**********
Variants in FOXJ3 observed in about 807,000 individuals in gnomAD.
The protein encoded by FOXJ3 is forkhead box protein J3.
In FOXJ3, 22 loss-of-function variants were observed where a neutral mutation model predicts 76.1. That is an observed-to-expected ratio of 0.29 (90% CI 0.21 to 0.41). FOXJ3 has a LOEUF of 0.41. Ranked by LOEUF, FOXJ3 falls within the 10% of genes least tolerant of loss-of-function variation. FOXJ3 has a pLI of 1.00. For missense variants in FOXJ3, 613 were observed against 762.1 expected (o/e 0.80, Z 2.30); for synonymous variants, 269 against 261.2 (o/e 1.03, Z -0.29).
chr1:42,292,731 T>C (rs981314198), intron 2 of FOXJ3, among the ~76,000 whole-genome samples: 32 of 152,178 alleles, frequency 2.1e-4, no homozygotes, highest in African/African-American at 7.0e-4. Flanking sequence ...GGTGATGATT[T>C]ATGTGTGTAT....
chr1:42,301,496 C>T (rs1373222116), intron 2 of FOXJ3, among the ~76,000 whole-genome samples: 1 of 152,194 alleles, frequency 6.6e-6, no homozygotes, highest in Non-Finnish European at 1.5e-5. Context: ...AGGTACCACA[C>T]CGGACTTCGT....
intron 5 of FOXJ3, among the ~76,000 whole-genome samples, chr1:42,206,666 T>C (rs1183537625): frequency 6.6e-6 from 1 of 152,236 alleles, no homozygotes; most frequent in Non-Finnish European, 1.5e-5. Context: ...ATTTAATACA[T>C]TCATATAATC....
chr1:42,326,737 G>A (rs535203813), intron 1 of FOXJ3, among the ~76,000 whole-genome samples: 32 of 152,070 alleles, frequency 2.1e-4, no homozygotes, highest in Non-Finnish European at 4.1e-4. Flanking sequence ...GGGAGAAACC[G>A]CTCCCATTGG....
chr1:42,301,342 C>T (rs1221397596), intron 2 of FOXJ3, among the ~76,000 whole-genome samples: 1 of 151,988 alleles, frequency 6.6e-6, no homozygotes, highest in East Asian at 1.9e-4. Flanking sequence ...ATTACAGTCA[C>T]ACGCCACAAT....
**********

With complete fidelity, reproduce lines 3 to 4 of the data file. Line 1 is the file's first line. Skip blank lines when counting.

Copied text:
In FOXJ3, 22 loss-of-function variants were observed where a neutral mutation model predicts 76.1. That is an observed-to-expected ratio of 0.29 (90% CI 0.21 to 0.41). FOXJ3 has a LOEUF of 0.41. Ranked by LOEUF, FOXJ3 falls within the 10% of genes least tolerant of loss-of-function variation. FOXJ3 has a pLI of 1.00. For missense variants in FOXJ3, 613 were observed against 762.1 expected (o/e 0.80, Z 2.30); for synonymous variants, 269 against 261.2 (o/e 1.03, Z -0.29).
chr1:42,292,731 T>C (rs981314198), intron 2 of FOXJ3, among the ~76,000 whole-genome samples: 32 of 152,178 alleles, frequency 2.1e-4, no homozygotes, highest in African/African-American at 7.0e-4. Flanking sequence ...GGTGATGATT[T>C]ATGTGTGTAT....